CAC secured Plan 64 contracts with the three major forest license holders in British Columbia from its inception in 1999 through 2006. In 2000, CAC achieved a record for the most flight hours flown in a year where five S-64E’s flew a combined 9785 hrs. and a sixth S-64E added an additional 322 hrs. to cap the year at 10,108 hrs. total.
Most experimentation took place in these years, with another noteworthy mention going to Ralph Torney working with Jim Jackson from Weyerhaeuser Forest Products to support these efforts. This started with two pass logging using a Bell 214B to grapple log the smaller timber within its weight capabilities and then using the Aerospatiale SA 315B Lama to build bundles of smaller logs for the S-64 to deliver to the log landing. This led to depending on the steepness of the harvest block flying in a small excavator with log handling attachments such as Menzi Muck to build bundles of logs for the S-64.
The grapple hot saw was developed for bucking and salvaging high-value timber that had been blown down in windstorms but was much too dangerous for fallers to access. The grapple hot saw was then adapted for single stem harvesting of large high-value timber on steep rocky slopes where the wood would be shattered if felled conventionally. This experiment involved cutting sections of the tree one log at a time from the top down to a point where the stem was within the S-64 weight capacity to be flown as a stump after being prepared by the ground stemming crew.
All this experimentation was to demonstrate to the customer the value of using the S-64. Unfortunately, it all came to an end with the start of the global recession in 2007.
The global recession of 2007 through 2009 had a significant effect on CAC’s business whereby the end of 2010 reduced the annual number of logging flight hours to 2138. Over this period, the reduction in revenue forced CAC like many other businesses to reduce costs, which unfortunately started with employee headcount reductions. Additionally, after much P&L analysis, Erickson’s leadership directed CAC to change its business model. This change meant CAC would no longer offer cubic meter pricing to its logging customers. Cubic meter pricing was the standard in the B.C. coastal forest industry, and many industry pundits felt CAC’s customers would not accept this move. They thought it would be the beginning of the end for CAC and the S-64 logging in B.C. Moving forward into 2011 was a transitional year for CAC to honor the cubic meter pricing attached to all existing contracts and all new work would be bid using hourly pricing.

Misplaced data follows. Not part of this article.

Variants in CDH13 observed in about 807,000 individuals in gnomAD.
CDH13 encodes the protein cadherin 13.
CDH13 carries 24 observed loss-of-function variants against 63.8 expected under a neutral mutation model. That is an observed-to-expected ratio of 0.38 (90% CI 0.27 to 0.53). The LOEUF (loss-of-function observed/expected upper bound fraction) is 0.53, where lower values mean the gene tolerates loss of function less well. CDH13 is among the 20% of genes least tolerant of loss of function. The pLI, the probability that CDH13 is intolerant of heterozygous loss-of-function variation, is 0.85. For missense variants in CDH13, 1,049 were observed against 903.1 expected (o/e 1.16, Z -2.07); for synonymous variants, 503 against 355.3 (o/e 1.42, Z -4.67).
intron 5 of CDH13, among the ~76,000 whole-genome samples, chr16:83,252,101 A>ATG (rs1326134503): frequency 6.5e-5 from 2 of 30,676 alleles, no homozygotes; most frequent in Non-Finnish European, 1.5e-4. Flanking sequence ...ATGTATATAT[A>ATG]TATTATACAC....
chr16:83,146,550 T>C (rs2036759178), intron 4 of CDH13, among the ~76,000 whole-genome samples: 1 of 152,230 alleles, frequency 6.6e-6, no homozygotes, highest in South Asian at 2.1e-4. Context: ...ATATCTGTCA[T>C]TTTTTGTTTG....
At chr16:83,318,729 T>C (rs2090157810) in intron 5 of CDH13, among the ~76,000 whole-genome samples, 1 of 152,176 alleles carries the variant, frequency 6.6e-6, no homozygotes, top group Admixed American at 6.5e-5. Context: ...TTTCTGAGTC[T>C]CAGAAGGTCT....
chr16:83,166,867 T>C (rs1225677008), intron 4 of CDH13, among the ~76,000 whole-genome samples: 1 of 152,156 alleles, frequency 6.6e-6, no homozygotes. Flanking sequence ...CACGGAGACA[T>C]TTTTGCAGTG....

In February 2011, Erickson Inc. and CAC signed an annual contract with Columbia Helicopters Inc. (CHI) and its affiliate company Helifor Canada Corporation. (HCC) which happened to be EAC/CAC’s number one competitor. The contract involved CHI & HCC utilizing two S-64E’s to replace the BV234 in their logging operations in Canada and the U.S. In 2012, the contract was reduced to one S-64E that would be used primarily by Helifor in Canada. This contract came to an end in July of 2017, with Helifor closing its business.
In early 2012, changes took place to the existing Replaceable Helicopter Yarding Contract between WFP and CAC where CAC would provide an S-64E to WFP on a 12-month basis and WFP would pay CAC a fixed monthly rate and variable flight hour rate. This contract amendment with its structure and payment terms that underwent 5 subsequent amendments would last until early 2017. At this point, WFP recognized that the contract with its structure and payment terms which had been in place for the past 5 years was not sustainable due to a declining supply of large timber best suited for the S64 and asked that contract be amended to reflect a straight hourly rate based on a minimum commitment from WFP of 600 hours per year.
While CAC would miss the security provided by the WFP and Helifor annual contracts, the demand for western red cedar remained high. This allowed CAC to keep two aircraft and occasionally a third working for several customers through to mid-2019 when a union strike shut down all of WFP’s operations for up to nine months. Additionally, declining log prices coupled with increased government stumpage rates and high softwood tariffs imposed by the U.S. brought most of B.C.’s forest industry to a standstill. With so much uncertainty as to when things might improve, CAC immediately returned one aircraft to the U.S. and began the inevitable reduction of employee headcount.
To finish the three-part series and learn more about the future of Canadian Air-Crane (CAC) and logging in Canada, check out the Origin Story: Looking to the Future with Canadian Air-Crane, Part 3.